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In a letter to senators from NRA chief lobbyist Chris Cox, the nation's top gun owners' organization says it is "unequivocally opposed" to the Senate bill.

"In addition, the NRA will oppose any amendments offered to S. 649 that restrict fundamental Second Amendment freedoms; including, but not limited to, proposals that would ban commonly and lawfully owned firearms and magazines or criminalize the private transfer of firearms through an expansion of background checks," Cox writes. "This includes the misguided 'compromise' proposal drafted by Senators Joe ManchinJoseph (Joe) ManchinOvernight Energy: EPA aims to work more closely with industry Overnight Finance: Lawmakers grill Equifax chief over hack | Wells Fargo CEO defends bank's progress | Trump jokes Puerto Rico threw budget 'out of whack' | Mortgage tax fight tests industry clout Lawmakers try again on miners’ pension bill MORE, Pat Toomey and Charles SchumerCharles (Chuck) Ellis SchumerOvernight Health Care: Schumer calls for tying ObamaCare fix to children's health insurance | Puerto Rico's water woes worsen | Dems plead for nursing home residents' right to sue Crying on TV doesn't qualify Kimmel to set nation's gun agenda Trump knocks ‘fake’ news coverage of his trip to Puerto Rico MORE."

Earlier Wednesday, Sens. Pat Toomey (R-Pa.) and Joe Manchin (D-W.Va.) announced a compromise deal that expand background checks to cover gun shows and the Internet. Gun sellers would be required to keep records available to law enforcement officials verifying the background check occurred.

The bill would exempt sales and transfers between friends and family that did not occur online.

The scoring threat echoed a similar declaration earlier in the day from Heritage Action chief executive Michael Needham.

“We expect this type of deal-making from Joe Manchin and also from Chuck Schumer, who supports the ‘universal registration’ of firearms,” Needham said. “However, we expect more from Pat Toomey and, more importantly, so do his constituents. To be clear, lawmakers will not get a pass on any bill that infringes on the constitutional rights of the American people.”

The NRA said that not only would senators be graded on their vote on the proposed amendment that will be offered by Toomey and Manchin, but they will also break with their standard policy of not judging procedural votes and grade senators on how they vote on a final cloture motion.

Some 13 Republican senators, including Minority Leader Mitch McConnellAddison (Mitch) Mitchell McConnellGun proposal picks up GOP support Children’s health-care bill faces new obstacles Dems see Trump as potential ally on gun reform MORE (R-Ky.), have threatened to filibuster the bill ahead of a procedural vote, scheduled for Thursday, which is expected to open debate on the gun bill. A competing group of Republicans, led by Sen. John McCainJohn Sidney McCainRubio asks Army to kick out West Point grad with pro-communist posts The VA's woes cannot be pinned on any singular administration Overnight Defense: Mattis offers support for Iran deal | McCain blocks nominees over Afghanistan strategy | Trump, Tillerson spilt raises new questions about N. Korea policy MORE (R-Ariz.), have said they would not participate in a filibuster, seemingly ensuring that legislative debate on the law would be allowed.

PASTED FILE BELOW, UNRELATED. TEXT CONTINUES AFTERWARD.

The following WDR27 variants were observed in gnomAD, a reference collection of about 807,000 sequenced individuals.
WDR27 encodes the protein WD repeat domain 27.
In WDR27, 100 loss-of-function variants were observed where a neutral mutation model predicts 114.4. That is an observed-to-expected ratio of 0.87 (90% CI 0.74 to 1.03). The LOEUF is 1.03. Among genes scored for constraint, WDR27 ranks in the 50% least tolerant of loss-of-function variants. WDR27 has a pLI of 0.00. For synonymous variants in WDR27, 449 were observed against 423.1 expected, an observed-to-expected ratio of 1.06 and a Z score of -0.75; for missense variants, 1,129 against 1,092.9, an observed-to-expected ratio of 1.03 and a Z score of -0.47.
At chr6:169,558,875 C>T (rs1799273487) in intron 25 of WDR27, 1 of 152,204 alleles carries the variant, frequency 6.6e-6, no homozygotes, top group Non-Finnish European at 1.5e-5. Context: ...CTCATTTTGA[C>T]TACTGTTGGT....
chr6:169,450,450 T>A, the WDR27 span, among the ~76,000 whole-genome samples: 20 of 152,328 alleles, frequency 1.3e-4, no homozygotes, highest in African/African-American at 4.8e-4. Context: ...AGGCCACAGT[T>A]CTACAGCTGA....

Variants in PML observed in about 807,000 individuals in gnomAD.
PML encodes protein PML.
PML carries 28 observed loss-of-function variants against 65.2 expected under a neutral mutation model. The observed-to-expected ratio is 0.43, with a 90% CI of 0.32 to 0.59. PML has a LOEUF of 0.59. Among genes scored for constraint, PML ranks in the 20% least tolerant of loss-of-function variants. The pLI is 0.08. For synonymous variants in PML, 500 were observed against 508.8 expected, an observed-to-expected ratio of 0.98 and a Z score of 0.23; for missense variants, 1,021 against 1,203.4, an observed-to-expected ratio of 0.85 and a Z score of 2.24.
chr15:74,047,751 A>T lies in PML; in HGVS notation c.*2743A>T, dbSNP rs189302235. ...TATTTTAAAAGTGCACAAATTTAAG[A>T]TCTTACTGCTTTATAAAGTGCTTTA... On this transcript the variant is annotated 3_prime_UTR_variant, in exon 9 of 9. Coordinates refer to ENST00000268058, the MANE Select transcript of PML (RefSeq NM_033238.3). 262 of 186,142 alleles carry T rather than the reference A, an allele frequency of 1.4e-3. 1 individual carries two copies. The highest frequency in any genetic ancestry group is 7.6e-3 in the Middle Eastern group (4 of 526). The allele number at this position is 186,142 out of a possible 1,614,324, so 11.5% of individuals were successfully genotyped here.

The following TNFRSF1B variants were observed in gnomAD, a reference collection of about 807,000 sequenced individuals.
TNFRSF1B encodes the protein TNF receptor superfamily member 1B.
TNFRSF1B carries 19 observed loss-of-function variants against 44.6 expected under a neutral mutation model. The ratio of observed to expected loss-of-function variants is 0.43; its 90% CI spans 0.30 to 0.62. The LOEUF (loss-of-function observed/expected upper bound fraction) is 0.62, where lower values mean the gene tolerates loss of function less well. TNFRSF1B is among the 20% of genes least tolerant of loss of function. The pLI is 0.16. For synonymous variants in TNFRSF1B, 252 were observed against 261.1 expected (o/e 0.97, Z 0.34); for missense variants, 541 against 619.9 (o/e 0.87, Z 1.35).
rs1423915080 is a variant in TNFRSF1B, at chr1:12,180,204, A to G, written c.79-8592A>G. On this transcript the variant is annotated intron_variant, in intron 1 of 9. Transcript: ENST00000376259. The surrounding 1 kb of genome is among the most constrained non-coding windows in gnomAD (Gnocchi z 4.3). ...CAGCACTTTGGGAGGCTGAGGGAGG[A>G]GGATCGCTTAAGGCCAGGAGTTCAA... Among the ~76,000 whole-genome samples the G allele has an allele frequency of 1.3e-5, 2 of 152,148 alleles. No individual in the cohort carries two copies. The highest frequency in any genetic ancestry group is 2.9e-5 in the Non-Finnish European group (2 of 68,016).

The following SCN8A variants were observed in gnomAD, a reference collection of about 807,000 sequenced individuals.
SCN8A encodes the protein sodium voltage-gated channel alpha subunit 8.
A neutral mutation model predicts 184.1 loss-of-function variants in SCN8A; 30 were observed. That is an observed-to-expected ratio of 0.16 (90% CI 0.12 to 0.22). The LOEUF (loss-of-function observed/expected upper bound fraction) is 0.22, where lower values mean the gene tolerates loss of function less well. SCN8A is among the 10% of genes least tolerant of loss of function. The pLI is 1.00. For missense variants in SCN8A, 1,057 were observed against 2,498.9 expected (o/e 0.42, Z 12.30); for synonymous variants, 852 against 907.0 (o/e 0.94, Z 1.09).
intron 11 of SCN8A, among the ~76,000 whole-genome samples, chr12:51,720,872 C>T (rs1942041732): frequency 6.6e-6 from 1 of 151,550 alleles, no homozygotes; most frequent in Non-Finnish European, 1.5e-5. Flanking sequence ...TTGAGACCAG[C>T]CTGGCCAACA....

Less clear is whether those Republican senators will also oppose a filibuster of the final cloture vote. That decision will likely be further complicated by both the NRA scoring threat, putting some senators who were likely planning to vote for cloture but against the eventual bill in a tough spot. Senate legislation needs 60 votes to end a filibuster, but the gun control bill would need just 50 lawmakers to vote for it after clearing that hurdle.

President Obama is meeting with a dozen Republican senators at the White House Wednesday night, and is expected to lobby them to allow a vote on the gun control bill.

"I can assure you that the need to make progress on legislation that is very common-sense, that is supported in each of its components by a majority of the American people, will be a topic of conversation," White House press secretary Jay Carney said Tuesday. "It will certainly be something the president wants to discuss."